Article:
The hysteria around the mysterious drones was unfounded, as investigations found no evidence.
Worry and panic ensued when The Denver Post first released a story about mysterious drones flying in rural Colorado in the middle of the night. The article got international press attention and Coloradans were left wondering about the strange nighttime patterns of the drones and what it meant for their safety.
On January 13, the Colorado Department of Public Safety (CDPS) made a statement about their investigation into the sightings of these mysterious drones. The CDPS "confirmed no incidents involving criminal activity, nor have investigations substantiated reports of suspicious or illegal drone activity". They found no evidence these drones were real.
Of the 23 reports of the mysterious drone sightings between January 6-13, 13 ended up being just "planets, stars or small hobbyist drones". Six were commercial aircraft, but four remain unconfirmed. Out of the 90 reports beginning on November 23, none were confirmed instances of illegal drone activity.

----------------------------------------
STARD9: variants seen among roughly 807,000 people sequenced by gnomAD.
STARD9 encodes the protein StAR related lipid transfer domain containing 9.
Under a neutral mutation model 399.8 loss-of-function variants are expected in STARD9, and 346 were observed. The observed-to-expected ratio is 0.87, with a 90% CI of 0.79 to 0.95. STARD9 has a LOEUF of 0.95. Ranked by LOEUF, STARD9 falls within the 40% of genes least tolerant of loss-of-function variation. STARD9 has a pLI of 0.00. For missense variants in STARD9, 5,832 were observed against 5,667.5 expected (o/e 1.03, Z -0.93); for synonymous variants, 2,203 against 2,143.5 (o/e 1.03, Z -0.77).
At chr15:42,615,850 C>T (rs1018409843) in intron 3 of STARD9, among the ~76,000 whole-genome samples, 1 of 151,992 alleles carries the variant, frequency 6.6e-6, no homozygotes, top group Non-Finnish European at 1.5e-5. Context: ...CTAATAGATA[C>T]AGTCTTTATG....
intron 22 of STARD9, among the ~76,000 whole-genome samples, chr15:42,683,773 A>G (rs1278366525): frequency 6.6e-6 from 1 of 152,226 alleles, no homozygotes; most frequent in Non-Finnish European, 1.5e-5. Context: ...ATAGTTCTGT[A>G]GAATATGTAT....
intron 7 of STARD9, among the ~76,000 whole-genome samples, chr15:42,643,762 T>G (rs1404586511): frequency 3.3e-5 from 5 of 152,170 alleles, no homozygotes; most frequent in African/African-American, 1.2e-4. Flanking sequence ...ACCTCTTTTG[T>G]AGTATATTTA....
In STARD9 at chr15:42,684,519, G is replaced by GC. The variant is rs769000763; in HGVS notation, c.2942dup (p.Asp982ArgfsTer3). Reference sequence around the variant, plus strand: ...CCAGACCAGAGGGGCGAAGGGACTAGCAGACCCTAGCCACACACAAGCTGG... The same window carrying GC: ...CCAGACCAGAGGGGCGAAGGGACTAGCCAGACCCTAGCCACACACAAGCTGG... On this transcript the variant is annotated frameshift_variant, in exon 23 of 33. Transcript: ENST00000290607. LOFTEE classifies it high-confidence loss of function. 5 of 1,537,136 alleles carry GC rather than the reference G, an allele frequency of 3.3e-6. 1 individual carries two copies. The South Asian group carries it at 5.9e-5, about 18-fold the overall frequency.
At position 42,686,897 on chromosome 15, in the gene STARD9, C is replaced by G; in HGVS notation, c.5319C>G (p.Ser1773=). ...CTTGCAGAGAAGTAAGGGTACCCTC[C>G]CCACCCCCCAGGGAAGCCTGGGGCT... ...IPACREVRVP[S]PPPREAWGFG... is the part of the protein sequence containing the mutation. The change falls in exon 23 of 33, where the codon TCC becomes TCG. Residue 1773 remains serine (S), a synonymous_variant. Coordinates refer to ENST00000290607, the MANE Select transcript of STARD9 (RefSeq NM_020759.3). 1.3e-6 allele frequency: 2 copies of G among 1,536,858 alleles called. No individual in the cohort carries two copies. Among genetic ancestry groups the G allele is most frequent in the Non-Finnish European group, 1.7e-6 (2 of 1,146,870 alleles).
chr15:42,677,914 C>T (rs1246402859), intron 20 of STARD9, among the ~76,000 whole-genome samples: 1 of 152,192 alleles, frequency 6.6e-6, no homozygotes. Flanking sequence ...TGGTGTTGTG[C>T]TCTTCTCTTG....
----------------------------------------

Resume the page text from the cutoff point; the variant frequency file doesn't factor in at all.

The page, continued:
The CDPS stated they will continue to be vigilant and respond to new information as it comes in.
Talk of strange drones sightings gained momentum at the end of December when it became clear through various reportings that no one seemed to know what the drones were looking for or who was operating them. The reports of the sightings had stated that the drones had white and red flashing lights and a six-foot wingspan. Several attempts by authorities were made to follow said drones, but nothing came of it. It was also reported that there could have been up to 30 drones moving around the county and appeared to be working in a search pattern.
One of the most intense searches occurred on January 8 when a medical helicopter reported having flown close to a drone in the same general area. Immediately after becoming aware of the information, more than 70 local, state, federal, and military officials convened in a small town called Brush and formed a joint drone task force.
The mystery was not solved at the time.
The mysterious Colorado drones, that seemingly never existed, is another instance of what is being called drone hysteria, which has been documented by a white paper published by drone manufacturer DJI. A study by the Academy of Model Aeronautics found that only 27 out of 764 reports of drone sightings were actually legitimate.
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